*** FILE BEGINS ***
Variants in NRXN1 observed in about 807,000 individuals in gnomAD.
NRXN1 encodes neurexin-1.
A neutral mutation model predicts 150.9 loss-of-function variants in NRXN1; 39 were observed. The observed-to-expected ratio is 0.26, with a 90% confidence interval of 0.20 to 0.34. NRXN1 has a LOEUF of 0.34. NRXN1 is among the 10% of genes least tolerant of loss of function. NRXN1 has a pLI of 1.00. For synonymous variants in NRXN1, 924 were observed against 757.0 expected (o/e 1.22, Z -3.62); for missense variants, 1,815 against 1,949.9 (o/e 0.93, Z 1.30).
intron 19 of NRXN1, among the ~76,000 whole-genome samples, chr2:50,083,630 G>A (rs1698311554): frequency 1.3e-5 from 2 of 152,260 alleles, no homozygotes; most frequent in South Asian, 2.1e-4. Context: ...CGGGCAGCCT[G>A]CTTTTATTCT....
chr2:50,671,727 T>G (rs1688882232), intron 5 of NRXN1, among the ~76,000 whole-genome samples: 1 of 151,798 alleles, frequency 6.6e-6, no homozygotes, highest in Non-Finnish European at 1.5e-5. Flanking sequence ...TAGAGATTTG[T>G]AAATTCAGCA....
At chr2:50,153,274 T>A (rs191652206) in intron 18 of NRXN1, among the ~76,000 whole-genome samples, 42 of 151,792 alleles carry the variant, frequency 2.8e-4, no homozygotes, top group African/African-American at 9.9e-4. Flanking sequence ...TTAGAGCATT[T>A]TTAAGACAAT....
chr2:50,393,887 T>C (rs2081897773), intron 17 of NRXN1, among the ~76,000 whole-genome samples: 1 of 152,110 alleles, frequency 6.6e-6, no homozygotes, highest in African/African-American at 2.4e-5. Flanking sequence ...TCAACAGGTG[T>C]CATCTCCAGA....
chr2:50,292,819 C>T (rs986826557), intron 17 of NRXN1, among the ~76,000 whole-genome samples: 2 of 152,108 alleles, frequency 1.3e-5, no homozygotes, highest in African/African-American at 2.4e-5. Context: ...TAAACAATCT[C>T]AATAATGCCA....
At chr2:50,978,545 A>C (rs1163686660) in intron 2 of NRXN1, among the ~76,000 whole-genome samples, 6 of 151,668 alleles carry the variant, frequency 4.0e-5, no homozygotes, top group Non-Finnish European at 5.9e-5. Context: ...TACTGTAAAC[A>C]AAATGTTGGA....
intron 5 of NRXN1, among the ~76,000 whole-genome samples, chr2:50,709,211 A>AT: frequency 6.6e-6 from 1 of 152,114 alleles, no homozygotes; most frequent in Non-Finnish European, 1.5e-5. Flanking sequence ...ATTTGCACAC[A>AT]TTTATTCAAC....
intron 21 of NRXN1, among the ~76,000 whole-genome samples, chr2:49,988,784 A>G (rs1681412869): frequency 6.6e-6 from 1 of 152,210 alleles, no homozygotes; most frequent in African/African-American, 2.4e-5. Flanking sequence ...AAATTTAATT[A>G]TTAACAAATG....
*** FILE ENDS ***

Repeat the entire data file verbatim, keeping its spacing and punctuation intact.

Variants in NRXN1 observed in about 807,000 individuals in gnomAD.
NRXN1 encodes neurexin-1.
A neutral mutation model predicts 150.9 loss-of-function variants in NRXN1; 39 were observed. The observed-to-expected ratio is 0.26, with a 90% confidence interval of 0.20 to 0.34. NRXN1 has a LOEUF of 0.34. NRXN1 is among the 10% of genes least tolerant of loss of function. NRXN1 has a pLI of 1.00. For synonymous variants in NRXN1, 924 were observed against 757.0 expected (o/e 1.22, Z -3.62); for missense variants, 1,815 against 1,949.9 (o/e 0.93, Z 1.30).
intron 19 of NRXN1, among the ~76,000 whole-genome samples, chr2:50,083,630 G>A (rs1698311554): frequency 1.3e-5 from 2 of 152,260 alleles, no homozygotes; most frequent in South Asian, 2.1e-4. Context: ...CGGGCAGCCT[G>A]CTTTTATTCT....
chr2:50,671,727 T>G (rs1688882232), intron 5 of NRXN1, among the ~76,000 whole-genome samples: 1 of 151,798 alleles, frequency 6.6e-6, no homozygotes, highest in Non-Finnish European at 1.5e-5. Flanking sequence ...TAGAGATTTG[T>G]AAATTCAGCA....
At chr2:50,153,274 T>A (rs191652206) in intron 18 of NRXN1, among the ~76,000 whole-genome samples, 42 of 151,792 alleles carry the variant, frequency 2.8e-4, no homozygotes, top group African/African-American at 9.9e-4. Flanking sequence ...TTAGAGCATT[T>A]TTAAGACAAT....
chr2:50,393,887 T>C (rs2081897773), intron 17 of NRXN1, among the ~76,000 whole-genome samples: 1 of 152,110 alleles, frequency 6.6e-6, no homozygotes, highest in African/African-American at 2.4e-5. Flanking sequence ...TCAACAGGTG[T>C]CATCTCCAGA....
chr2:50,292,819 C>T (rs986826557), intron 17 of NRXN1, among the ~76,000 whole-genome samples: 2 of 152,108 alleles, frequency 1.3e-5, no homozygotes, highest in African/African-American at 2.4e-5. Context: ...TAAACAATCT[C>T]AATAATGCCA....
At chr2:50,978,545 A>C (rs1163686660) in intron 2 of NRXN1, among the ~76,000 whole-genome samples, 6 of 151,668 alleles carry the variant, frequency 4.0e-5, no homozygotes, top group Non-Finnish European at 5.9e-5. Context: ...TACTGTAAAC[A>C]AAATGTTGGA....
intron 5 of NRXN1, among the ~76,000 whole-genome samples, chr2:50,709,211 A>AT: frequency 6.6e-6 from 1 of 152,114 alleles, no homozygotes; most frequent in Non-Finnish European, 1.5e-5. Flanking sequence ...ATTTGCACAC[A>AT]TTTATTCAAC....
intron 21 of NRXN1, among the ~76,000 whole-genome samples, chr2:49,988,784 A>G (rs1681412869): frequency 6.6e-6 from 1 of 152,210 alleles, no homozygotes; most frequent in African/African-American, 2.4e-5. Flanking sequence ...AAATTTAATT[A>G]TTAACAAATG....